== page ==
Bigfoot Encounters

Leatherman saga remains intriguing

(Original publication: September 19, 2004)

For no good reason other than abiding curiosity about local folklore and the nature of eccentricity, I had always wanted to visit the fabled Leatherman's Cave at Ward Pound Ridge Reservation, Westchester County, New York.

So one day last week, I conquered my procrastination and set out for the 4,700-acre nature preserve which is Westchester's largest public park and a lovely, tranquil vestige of its rural past.

There I met Taro Ietaka, a 31-year-old assistant curator at the Trailside Museum, who guided me to a short, slippery path off Honey Hollow Road where there are thick stands of trees, a jumble of glacial rock and remnants of old stone walls that must have been intact when the Leatherman roamed the Earth. Quickly, we came to an opening at the base of a 660-foot cliff called "the overlook."

This was it — the cramped lair where the mysterious vagabond made his bed and fire. The Leatherman died 115 years ago and his remains lay buried at Ossining's Sparta Cemetery, but stooping in the darkness of the cave and taking in the silence of the surroundings, I had a nagging feeling I was invading the old hermit's privacy and imagined that he would suddenly emerge and grunt his displeasure.

Many probably know the basics of the Leatherman story — that he was a harmless soul, who wore a bizarre outfit entirely made of stitched-together patches of leather and that he circuitously wandered the countryside accepting food from charitable farmers. He never took off the 60-pound suit, even in the sweltering months of summer. It was said that people could hear him coming because of the creaking of the dry, cracked leather. But he must have had a powerful aroma that announced his presence as well.

Taro Ietaka said the Leatherman was known to bathe in streams without taking off his signature garment "and because he didn't wear any underclothes, the wet leather must have chafed him like a medieval penitence."

Remarkably, he kept to a strict itinerary. From about 1860 to 1889, his route was a 365-mile loop that he covered on foot through the country towns and hamlets of western Connecticut, Putnam County and the northern reaches of Westchester County, New York.

Almost unfailingly, he completed the circuit in 34 days, a kind of unofficial hobo record that he may have veered from only when the Blizzard of '88 delayed him by four days. The farmers' wives could set their clocks by him, they used to say.

For the Leatherman was in sync with the natural rhythms of the sun and moon — and it occurred to me that it's probably because the summer is about to give way to autumn that my thoughts turned to him in the first place. His lonely orbit was as reliable as the Earth's path through time and space.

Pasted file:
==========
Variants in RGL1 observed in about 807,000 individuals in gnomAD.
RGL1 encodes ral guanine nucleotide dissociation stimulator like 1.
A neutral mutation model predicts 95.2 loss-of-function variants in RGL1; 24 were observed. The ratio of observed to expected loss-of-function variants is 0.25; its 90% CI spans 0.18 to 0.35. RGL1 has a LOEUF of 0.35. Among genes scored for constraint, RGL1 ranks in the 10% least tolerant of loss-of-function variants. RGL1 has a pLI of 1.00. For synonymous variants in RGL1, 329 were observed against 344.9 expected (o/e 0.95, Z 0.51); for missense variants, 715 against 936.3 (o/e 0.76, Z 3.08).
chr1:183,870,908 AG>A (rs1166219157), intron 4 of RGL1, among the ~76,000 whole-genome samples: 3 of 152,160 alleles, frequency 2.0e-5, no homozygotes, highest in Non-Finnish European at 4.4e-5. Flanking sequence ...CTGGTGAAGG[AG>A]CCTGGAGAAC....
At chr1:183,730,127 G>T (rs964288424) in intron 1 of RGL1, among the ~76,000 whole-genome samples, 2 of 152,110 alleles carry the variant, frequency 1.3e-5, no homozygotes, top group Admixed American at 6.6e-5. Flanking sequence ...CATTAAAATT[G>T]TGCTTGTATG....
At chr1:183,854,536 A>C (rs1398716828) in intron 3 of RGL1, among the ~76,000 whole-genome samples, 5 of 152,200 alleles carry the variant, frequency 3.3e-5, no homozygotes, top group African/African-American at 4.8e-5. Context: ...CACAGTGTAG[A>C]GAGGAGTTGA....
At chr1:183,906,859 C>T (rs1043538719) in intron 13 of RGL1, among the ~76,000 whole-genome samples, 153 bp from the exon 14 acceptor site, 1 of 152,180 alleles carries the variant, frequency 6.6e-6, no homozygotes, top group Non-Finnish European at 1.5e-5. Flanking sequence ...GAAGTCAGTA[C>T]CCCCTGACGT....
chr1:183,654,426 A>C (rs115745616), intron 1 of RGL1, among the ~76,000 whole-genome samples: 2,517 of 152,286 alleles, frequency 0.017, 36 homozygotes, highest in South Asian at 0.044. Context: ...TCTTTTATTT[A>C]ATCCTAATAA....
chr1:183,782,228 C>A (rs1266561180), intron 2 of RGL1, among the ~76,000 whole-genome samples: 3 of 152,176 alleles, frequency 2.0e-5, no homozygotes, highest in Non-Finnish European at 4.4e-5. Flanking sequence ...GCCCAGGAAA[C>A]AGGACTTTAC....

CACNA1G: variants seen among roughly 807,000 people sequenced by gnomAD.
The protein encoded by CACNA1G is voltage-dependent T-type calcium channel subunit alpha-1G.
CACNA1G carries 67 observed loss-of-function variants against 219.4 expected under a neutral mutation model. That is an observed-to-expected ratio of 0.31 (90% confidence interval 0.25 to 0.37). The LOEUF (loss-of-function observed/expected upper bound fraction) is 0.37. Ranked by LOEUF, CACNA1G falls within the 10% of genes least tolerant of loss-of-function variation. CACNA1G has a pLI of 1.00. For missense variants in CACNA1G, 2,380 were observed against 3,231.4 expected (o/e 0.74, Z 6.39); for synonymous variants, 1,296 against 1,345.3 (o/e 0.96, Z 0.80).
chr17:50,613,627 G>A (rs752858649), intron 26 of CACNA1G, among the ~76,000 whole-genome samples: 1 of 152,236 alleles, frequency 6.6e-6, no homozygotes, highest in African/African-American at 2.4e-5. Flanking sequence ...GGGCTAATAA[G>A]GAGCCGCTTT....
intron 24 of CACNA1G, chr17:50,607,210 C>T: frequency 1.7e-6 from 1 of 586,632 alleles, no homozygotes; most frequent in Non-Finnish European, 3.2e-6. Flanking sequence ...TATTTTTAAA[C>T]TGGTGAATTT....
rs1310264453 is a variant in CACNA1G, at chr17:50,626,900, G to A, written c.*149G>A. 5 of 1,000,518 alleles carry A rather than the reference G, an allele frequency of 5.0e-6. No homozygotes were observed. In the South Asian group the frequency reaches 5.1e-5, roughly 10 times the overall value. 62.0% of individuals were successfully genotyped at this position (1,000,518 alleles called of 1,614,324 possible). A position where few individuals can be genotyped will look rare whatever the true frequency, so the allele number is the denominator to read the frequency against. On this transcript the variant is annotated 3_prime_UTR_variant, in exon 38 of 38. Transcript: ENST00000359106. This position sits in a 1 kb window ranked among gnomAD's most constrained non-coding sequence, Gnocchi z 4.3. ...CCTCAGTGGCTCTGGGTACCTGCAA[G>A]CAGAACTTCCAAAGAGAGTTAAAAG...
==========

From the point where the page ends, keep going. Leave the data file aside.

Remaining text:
In an age before mental illness was fully understood, people were fascinated by him as if he were a passing comet, and considered it a kind of honor, or a harbinger of good luck, when he chose their homes as a regular stop for food. Children gravitated to him, but he rarely spoke. The few photographs of him were taken surreptitiously (and against his will) and those that exist today show an unsmiling man lost in madness.

The mystery of his identity endures. It's generally accepted that he was a Frenchman named Jules Bourglay who lost his sanity after a failed business venture and romance and then somehow made it to the United States. Some believe he died of cancer of the mouth, but there is evidence to suggest that his death was caused by the combined effects of syphilis and mercury poisoning.

On March 24, 1889, his body was found curled up in a crude shelter he built on a Mount Pleasant farm. After an inquest, the county coroner gave his leather suit to a Bowery museum, where it was destroyed in a fire.

The story of the Leatherman's death made the front pages of New York City newspapers — and recollections of his odd ways were repeated over and over again in newspaper accounts and magazines. He was the subject of at least one children's nursery rhyme as well as short stories. In the 1930s, he was featured in "Ripley's Believe It Or Not."

The Leatherman even captured the imagination of rocker Eddie Vedder of Pearl Jam, who wrote a song about him that includes this lyric:

leatherman/leatherman/ shake his hand, he's leatherman/ take some bread, he's leatherman/ shame he's dead/ i saw his bed/ it's all that's left of/ leatherman/ leatherman/ give me some skin leatherman.

For all intents and purposes, the Leatherman's life remains unexplained, which is why he continues to fascinate, said Jonathan Kruk, a storyteller from Cold Spring, who nearly every year for the past 20 years has helped preserve the legend of the Leatherman by giving a popular talk and tour at the Pound Ridge cave.

Kruk first learned of the Leatherman when he was a boy growing up in Katonah, where the Leatherman slept in another cave, at the intersection of Cherry Street and Bedford Road. (In all, the Leatherman frequented perhaps two dozen caves on his route.)

"He's sort of our own Sasquatch, our Loch Ness Monster, but the difference is he was real," said Kruk, whose next tour will be held Nov. 14. "He also wandered very tangible roadways and pathways that we can still see now."

But it's the mystery that holds us, the everlasting enigma.

"It's wanting to know what you can't know," said Kruk.
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